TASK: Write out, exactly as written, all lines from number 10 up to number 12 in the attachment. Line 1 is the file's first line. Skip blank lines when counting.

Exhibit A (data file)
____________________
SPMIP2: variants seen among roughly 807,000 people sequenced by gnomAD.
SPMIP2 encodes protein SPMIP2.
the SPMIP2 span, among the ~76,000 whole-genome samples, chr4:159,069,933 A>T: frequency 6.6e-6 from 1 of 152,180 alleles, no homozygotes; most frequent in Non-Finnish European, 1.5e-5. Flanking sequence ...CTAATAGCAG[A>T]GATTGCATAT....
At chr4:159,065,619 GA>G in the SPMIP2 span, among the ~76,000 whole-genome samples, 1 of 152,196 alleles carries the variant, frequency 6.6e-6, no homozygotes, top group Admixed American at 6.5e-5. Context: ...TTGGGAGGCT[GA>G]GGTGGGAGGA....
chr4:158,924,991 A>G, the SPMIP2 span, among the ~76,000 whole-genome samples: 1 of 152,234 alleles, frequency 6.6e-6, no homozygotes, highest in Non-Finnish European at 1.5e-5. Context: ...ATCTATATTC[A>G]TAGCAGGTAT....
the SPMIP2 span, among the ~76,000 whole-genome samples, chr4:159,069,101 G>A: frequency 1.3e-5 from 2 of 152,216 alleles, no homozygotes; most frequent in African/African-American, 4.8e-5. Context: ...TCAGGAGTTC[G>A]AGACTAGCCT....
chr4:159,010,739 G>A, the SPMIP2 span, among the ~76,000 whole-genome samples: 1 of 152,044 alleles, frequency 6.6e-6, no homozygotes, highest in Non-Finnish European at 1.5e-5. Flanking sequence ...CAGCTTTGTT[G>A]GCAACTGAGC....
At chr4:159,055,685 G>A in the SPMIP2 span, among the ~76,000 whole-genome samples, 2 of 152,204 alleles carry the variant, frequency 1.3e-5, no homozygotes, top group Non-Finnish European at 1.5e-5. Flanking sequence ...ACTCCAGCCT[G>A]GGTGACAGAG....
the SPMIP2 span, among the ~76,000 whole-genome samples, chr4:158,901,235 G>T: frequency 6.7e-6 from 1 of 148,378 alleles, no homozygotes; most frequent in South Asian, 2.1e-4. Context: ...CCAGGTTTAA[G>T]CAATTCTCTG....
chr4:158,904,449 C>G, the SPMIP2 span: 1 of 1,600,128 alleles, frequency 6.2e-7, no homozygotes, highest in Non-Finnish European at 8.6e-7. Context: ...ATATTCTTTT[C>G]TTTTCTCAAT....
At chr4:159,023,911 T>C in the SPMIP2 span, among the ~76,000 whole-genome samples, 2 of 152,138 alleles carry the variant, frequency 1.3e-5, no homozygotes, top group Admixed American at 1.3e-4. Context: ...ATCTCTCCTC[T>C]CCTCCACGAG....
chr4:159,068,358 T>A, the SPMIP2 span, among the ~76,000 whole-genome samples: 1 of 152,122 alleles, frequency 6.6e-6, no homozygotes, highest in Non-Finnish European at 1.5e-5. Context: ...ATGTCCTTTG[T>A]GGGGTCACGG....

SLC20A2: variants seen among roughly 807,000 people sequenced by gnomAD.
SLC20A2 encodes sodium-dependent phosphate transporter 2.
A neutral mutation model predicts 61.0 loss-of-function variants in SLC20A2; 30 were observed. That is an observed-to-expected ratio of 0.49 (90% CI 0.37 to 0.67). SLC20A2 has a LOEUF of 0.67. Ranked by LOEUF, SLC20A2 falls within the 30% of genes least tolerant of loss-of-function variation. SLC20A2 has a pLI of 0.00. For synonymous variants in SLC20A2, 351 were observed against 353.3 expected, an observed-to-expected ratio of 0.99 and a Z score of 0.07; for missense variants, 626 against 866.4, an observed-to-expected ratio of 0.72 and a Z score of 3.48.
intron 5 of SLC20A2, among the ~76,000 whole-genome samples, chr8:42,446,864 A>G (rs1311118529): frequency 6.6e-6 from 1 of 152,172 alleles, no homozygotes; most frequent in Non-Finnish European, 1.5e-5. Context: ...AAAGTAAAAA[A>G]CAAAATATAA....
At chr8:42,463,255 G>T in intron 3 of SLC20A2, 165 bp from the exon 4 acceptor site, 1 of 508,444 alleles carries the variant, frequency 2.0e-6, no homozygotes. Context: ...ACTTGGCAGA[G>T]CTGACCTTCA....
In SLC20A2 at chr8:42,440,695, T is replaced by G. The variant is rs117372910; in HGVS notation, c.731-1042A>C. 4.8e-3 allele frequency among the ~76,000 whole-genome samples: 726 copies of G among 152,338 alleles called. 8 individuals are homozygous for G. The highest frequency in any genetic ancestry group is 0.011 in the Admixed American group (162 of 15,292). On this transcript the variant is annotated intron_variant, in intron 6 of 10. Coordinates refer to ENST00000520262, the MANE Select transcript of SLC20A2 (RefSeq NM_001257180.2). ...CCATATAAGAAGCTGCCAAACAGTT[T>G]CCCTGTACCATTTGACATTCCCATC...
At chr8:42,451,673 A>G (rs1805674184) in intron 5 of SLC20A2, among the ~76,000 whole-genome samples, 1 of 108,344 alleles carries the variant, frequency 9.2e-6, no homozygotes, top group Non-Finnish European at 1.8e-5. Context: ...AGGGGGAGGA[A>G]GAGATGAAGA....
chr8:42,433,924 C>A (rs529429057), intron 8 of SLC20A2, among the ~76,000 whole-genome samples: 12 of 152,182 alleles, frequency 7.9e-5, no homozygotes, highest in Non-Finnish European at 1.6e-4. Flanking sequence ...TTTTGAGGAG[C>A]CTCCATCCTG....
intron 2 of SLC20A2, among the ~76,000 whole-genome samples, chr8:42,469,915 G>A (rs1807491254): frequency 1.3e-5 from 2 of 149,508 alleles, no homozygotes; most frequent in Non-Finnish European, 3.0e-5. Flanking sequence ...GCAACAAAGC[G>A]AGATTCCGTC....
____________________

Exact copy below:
chr4:158,904,449 C>G, the SPMIP2 span: 1 of 1,600,128 alleles, frequency 6.2e-7, no homozygotes, highest in Non-Finnish European at 8.6e-7. Context: ...ATATTCTTTT[C>G]TTTTCTCAAT....
At chr4:159,023,911 T>C in the SPMIP2 span, among the ~76,000 whole-genome samples, 2 of 152,138 alleles carry the variant, frequency 1.3e-5, no homozygotes, top group Admixed American at 1.3e-4. Context: ...ATCTCTCCTC[T>C]CCTCCACGAG....
chr4:159,068,358 T>A, the SPMIP2 span, among the ~76,000 whole-genome samples: 1 of 152,122 alleles, frequency 6.6e-6, no homozygotes, highest in Non-Finnish European at 1.5e-5. Context: ...ATGTCCTTTG[T>A]GGGGTCACGG....